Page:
Wednesday, January 1, 2014

In the Eye of the Beholder

If beauty is in the eye of the beholder, what about ugliness?

How do we define ugly? What repulses us? And why?
I posed these questions at Visionary Fiction Alliance in a review of Dean Koontz's latest release, Innocence, in which little by little, step by step, Koontz immerses us in ugly, until we are in ugly's head.

Ugly on my mind.

During my 3-mile walk today, ugly was on my mind.
I saw many sights that could easily be overlooked as too ordinary to deserve attention or dismissed as eyesores that should be destroyed, if not for lack of time and money.
But then I leaned in for a closer look.
I noticed the interplay of light and shadow, the tenacity of the weeds, and the way nature intertwined with the man-made.

Ugly or beautiful?

And then it hit me, as it did in my review of Innocence.

Ugliness depends upon the eye of the beholder. Sometimes we don't go deep enough to find the beauty in something ugly or the ugly in something beautiful.

Sometimes we are wrong.

Take a look at the objects around you, especially when you're in the midst of nature. Then lean in as if using the zoom feature of your camera.

You may be surprised at how something that at first glance appears ugly becomes beautiful upon closer examination.

As always, thanks for stopping by.


Friday, October 4, 2013

Visionary Novel Between Now and Forever is Published!

Finally, the day has arrived.

Between Now and Forever, the first novel in my Enter the Between series, is published.

If you'd like to purchase a copy for your Kindle, click here.

It's only $2.99, less than the cost of a cup of coffee. In fact, why not grab your drink of choice and settle down with Marjorie Veil, my protagonist, in her journey through The Between, which in this case happens to be in the direction of the North on the Native American Medicine Wheel, the place of knowledge and receiving.

Here's a brief synopsis:

Medicate or nurture; reform or set free? These are quandaries rookie teacher Marjorie Veil faces when she takes on an after-school class for thirteen-year-olds labeled as troublemakers, non-teachable, and hopeless. Faculty skeptics warn that all these kids need is prescribed medication for focus and impulse control. “Bring them into line,” they say. “Show them who’s boss.” But, as Marjorie quickly discovers, behind their anti-conformist exteriors are gifted teens, who are sensitive, empathetic, and wise beyond their youth. They also happen to have psychic abilities, which they have kept hidden until now. Can Marjorie help them do what she has been unable to do for herself: fight for their spiritual and emotional freedom?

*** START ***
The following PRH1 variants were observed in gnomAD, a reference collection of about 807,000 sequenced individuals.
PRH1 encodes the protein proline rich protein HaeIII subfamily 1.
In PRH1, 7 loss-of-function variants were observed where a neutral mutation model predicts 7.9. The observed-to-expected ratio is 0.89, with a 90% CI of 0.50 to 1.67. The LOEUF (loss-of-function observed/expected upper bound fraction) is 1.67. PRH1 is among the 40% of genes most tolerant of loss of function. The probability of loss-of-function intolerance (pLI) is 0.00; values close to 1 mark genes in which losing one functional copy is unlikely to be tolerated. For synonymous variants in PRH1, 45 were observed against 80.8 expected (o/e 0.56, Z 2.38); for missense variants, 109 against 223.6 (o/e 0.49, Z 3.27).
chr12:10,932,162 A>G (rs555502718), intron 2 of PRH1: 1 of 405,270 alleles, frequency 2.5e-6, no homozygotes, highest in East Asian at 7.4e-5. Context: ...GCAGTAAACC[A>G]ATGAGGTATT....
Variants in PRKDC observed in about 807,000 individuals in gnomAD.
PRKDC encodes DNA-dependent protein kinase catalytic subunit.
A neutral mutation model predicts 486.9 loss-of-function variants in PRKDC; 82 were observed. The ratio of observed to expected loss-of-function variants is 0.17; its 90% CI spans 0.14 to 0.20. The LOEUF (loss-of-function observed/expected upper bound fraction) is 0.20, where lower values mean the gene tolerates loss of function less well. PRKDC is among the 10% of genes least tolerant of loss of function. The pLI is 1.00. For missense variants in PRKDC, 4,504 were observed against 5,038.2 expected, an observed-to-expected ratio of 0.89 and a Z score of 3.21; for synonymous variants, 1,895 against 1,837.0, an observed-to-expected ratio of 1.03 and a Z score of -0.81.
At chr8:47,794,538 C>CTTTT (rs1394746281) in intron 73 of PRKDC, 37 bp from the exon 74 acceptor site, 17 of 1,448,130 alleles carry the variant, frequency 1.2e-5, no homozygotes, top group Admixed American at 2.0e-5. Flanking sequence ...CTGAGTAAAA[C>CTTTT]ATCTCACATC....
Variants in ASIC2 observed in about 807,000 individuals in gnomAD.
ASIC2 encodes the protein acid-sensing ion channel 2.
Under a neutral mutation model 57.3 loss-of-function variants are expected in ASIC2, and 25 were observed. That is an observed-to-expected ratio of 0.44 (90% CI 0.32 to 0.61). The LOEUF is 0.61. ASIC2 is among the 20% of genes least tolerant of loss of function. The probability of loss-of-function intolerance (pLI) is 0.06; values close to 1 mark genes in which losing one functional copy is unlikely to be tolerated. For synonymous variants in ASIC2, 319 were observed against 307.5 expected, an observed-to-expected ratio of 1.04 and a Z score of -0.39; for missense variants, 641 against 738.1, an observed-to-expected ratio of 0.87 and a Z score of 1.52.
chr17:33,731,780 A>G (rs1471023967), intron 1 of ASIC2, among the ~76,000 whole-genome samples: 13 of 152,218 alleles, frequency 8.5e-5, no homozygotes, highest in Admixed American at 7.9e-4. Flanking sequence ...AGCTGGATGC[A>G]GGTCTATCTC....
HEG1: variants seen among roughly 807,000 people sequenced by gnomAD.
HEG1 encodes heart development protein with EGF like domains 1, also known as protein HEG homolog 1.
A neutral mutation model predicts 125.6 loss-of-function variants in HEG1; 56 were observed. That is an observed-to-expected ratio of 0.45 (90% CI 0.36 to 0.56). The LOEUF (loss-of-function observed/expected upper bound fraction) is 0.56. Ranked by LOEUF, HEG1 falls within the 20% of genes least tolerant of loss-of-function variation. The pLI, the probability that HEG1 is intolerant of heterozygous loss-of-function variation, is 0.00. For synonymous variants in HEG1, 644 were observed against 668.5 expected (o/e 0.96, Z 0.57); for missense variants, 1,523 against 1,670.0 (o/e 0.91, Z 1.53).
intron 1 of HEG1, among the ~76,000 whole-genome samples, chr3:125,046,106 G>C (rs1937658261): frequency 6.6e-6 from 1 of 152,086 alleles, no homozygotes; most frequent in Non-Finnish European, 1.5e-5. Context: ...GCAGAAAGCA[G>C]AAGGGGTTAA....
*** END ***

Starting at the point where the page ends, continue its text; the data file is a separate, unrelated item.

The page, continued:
Click here to read the entire first chapter.

My publisher is Philophrosyne Publishing, which specializes in Visionary Fiction.

The print version of Between Now and Forever will be available at Amazon soon.

Thanks so much, my friends, for your support. It feels so good to finally be an AUTHOR, as well as a writer.

Friday, August 2, 2013

Elk Grove Citizen : Lifestyle

Here's a nice article written by Elizabeth Pinkerton about how my family came to California from Holland and settled in Elk Grove. Elk Grove Citizen : Lifestyle

Wednesday, May 8, 2013

Oat Harvest 2013, What Goes Around Comes Around


The phrase, "What goes around comes around," rings especially true on a farm.

So does, "You reap what you sow."
When we began our oat harvest in April, my first thought was, Here we go again.

My second thought was, Finally a return on our investment.
Oat Harvest 2013

Harvesting is a family affair. My husband and sons work the equipment, along with two employee truck drivers, while my daughter-in-law and I provide lunch and a steady flow of cold beverages for the crew.

First my husband cuts the crop and places it into rows with the swather.

Oat Harvest

The rows are held together by interlaced straws and supported above the ground by the remaining stubble.

Oat Harvest

Next, son number one chops the oats into smaller pieces and blows it out of a chute into silage trucks with the chopper/harvester.

Oat Crop 2013

Oat Harvest 2013

The silage trucks dump the oats into a silage pit.

In the background is corn silage left from last harvest. It will serve as a retaining wall for the incoming crop.
Oat Harvest 2013


Son number two pushes up and packs the chopped oats with the dozer/tractor.

Oat Harvest 2013

Soon the pile takes shape.

Oat Harvest 2013

Finally, the silage is covered with white polyethylene plastic and secured with tires for a tight seal. The cover serves as an oxygen barrier as well as protection from the elements.

The silage then undergoes anaerobic fermentation, which starts 48 hours after the silo is filled, and converts sugar into acid. Fermentation is complete after two weeks.

Now it's time to disk the stubble into the soil and prepare the ground for the fall corn crop.

Oat Harvest 2013

The tractor and disk head for the field.
Oat Harvest 2013


Soon after, the planting of corn seed begins.
Here we go again.

In a never ending cycle.

My writing also continues in what seems a never-ending cycle.

So does life.
As always, thanks for stopping by.